Alan Lessik will be reading from his new Zen novel Make the Dark Night Shine, which was inspired by his Aunt Nina Uchida´s family story. Make the Dark Night Shine is a love letter from a father to the daughter he never met. Set between the two World Wars and taking place in Constantinople, Paris, Japan, New York and Clapham, the narrator is Kenzo Uchida, a gay diplomat turned Zen priest.
Not knowing if he will survive the 1940 Blitz in Clapham, Kenzo Uchida begins writing his life story, beginning two decades earlier when he and his same-sex partner Mitsu arrive in Constantinople to open the new Japanese Consulate. Kenzo meets Elisa, a feisty Ukrainian cigarette girl in a nightclub and she becomes his consort to hide his gay relationship while in Europe. The unlikely trio begin an adventure in the decadence of post-war Paris until disaster strikes.
Returning to the growing militarism in Japan, Kenzo finds an unexpected path in Zen Buddhism. Yet no teachings prepare him for the revelations to come — about his life, his loves, and the events around him. On the eve of WWII, he discovers that he has a daughter living with Elisa in New York. He leaves the monastery on a perilous mission to promote peace with a secret plan to reunite with his daughter Nina.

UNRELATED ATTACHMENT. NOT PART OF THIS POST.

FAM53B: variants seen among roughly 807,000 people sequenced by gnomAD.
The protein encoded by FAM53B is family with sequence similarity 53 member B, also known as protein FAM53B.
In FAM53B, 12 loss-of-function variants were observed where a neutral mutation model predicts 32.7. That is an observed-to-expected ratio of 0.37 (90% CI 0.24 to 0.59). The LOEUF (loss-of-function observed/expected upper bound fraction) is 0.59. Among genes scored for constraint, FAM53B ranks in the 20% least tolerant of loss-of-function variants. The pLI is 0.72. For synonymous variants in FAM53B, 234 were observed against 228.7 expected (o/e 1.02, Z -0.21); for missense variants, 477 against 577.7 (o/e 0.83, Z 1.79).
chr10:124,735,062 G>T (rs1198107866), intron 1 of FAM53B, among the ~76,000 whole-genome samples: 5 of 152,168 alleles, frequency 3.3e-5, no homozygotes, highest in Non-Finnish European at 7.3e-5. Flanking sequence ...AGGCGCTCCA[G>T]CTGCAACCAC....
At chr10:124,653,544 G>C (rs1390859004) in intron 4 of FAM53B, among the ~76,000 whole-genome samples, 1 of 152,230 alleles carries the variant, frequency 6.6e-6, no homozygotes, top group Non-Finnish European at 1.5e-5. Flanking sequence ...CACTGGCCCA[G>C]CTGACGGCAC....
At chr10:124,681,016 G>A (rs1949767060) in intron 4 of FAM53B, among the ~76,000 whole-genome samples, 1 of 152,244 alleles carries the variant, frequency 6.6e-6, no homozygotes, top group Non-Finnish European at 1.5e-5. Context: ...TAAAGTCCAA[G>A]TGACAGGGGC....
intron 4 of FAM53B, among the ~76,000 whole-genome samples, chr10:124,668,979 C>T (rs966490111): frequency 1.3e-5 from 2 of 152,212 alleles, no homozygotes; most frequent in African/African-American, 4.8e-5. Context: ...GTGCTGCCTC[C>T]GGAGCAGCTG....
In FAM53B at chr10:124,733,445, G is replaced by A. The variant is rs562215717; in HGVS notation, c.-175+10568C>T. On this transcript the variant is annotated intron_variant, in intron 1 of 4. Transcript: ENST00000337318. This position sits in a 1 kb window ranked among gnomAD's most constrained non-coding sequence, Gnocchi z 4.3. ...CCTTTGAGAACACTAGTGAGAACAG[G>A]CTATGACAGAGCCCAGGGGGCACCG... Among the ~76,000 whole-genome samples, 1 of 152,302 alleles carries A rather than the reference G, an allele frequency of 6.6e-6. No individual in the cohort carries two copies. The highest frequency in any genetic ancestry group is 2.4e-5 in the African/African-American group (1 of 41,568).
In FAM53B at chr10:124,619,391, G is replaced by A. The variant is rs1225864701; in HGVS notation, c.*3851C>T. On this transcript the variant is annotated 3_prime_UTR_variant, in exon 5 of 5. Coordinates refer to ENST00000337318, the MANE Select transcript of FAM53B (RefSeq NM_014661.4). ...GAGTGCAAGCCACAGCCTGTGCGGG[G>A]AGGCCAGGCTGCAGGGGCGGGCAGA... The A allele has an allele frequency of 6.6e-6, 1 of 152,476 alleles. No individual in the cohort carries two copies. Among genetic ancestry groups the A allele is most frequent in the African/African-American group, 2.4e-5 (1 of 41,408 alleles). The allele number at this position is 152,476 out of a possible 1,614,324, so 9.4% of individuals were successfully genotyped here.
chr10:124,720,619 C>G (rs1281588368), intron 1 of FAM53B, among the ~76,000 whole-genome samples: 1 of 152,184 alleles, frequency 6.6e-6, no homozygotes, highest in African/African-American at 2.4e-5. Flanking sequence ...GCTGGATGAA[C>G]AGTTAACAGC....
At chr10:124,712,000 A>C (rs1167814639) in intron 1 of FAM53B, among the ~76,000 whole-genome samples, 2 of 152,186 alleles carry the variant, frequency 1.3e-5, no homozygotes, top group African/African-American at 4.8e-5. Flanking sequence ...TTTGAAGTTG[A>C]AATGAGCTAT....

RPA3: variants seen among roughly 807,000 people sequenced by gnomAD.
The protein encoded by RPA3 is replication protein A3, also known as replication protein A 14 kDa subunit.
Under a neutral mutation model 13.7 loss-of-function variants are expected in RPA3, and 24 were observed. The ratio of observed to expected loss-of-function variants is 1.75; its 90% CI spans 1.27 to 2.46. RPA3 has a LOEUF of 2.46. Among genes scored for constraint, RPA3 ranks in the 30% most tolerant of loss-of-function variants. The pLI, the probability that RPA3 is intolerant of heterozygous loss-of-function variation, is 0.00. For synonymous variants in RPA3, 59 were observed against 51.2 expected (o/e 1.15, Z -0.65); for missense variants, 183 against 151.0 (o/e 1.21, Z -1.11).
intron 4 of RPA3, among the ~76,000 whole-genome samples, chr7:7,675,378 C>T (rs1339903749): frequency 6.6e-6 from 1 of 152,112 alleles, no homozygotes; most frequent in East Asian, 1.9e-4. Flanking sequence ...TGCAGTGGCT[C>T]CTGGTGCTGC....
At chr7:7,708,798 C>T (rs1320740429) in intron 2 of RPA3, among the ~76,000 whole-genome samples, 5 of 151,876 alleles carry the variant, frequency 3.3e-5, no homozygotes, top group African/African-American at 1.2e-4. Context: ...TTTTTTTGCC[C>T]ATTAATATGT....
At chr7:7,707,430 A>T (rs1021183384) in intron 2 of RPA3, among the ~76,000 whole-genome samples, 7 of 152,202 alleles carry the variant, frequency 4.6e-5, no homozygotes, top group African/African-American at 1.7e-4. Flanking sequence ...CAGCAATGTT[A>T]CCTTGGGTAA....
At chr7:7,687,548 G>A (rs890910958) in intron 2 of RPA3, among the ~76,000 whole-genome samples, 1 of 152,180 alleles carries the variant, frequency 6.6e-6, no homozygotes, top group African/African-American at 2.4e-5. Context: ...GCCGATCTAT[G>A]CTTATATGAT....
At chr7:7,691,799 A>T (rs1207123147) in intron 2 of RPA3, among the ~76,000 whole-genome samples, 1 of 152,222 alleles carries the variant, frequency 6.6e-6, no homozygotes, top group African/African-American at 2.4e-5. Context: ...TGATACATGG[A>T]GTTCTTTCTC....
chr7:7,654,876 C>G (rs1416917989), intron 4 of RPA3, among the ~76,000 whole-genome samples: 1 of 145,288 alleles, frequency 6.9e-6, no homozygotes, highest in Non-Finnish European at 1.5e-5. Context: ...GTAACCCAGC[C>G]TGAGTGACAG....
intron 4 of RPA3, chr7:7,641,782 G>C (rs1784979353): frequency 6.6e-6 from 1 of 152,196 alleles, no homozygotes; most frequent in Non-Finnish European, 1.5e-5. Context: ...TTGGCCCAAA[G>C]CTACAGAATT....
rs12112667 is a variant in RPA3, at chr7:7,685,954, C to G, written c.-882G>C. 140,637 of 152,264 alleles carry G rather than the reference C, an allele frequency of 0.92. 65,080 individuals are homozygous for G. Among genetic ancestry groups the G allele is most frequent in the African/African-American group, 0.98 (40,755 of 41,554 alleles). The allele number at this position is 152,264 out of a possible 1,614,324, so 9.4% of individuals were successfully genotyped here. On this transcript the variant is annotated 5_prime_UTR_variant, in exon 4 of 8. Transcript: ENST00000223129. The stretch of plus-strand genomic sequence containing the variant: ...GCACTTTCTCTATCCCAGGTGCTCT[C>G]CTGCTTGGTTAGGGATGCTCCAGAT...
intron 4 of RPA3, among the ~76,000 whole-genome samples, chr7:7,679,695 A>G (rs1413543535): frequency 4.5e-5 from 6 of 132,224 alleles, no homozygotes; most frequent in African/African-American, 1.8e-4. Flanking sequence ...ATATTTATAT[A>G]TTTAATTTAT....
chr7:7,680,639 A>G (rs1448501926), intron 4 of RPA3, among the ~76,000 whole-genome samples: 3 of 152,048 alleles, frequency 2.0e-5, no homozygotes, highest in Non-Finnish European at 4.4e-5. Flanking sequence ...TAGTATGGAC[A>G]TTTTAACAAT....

As one reviewer wrote, “A meticulously researched historical novel with a Zen heart, Make The Dark Night Shine tells the story of a diplomat-turned-monk torn between many countries and many identities as his world falls to war. There is much music in Lessik’s storytelling, but the hidden gem of this novel is its detailed (albeit brief) glimpse of life in a Buddhist monastery in pre-war Japan. Though peppered with many love stories — between men, friends, and family — it is, more than anything, an examination of queerness not seen often in Western literature and a love story with the shifting, wandering self. It is one man’s attempt to make peace with his choices and their far-reaching consequences. Cinematic and sad, it raises valuable questions about how a person might do good in a broken world, a lesson we all should consider.´´
The following video teaser of the book gives a flavor of the story.
Alan Lessik is a member of the Berlin Queer Writers Circle, Zen practitioner, amateur figure skater and LGBT activist. His debut novel The Troubleseeker was short-listed for the Publishing Triangle’s 2017 Ferro-Grumley Award for LGBTQ Fiction. With an interest in how novels preserve queer culture, he has been published on this and other topics by Lambda Literary, the Bay Area Reporter, and Advocate. He was an active member of the San Francisco Zen Center´s Queer Dharma team and later became a teacher at the SF LGBTQ Sangha. He is currently a member of the Black Mountain Zen Centre in Belfast. blog: alanlessik.com.
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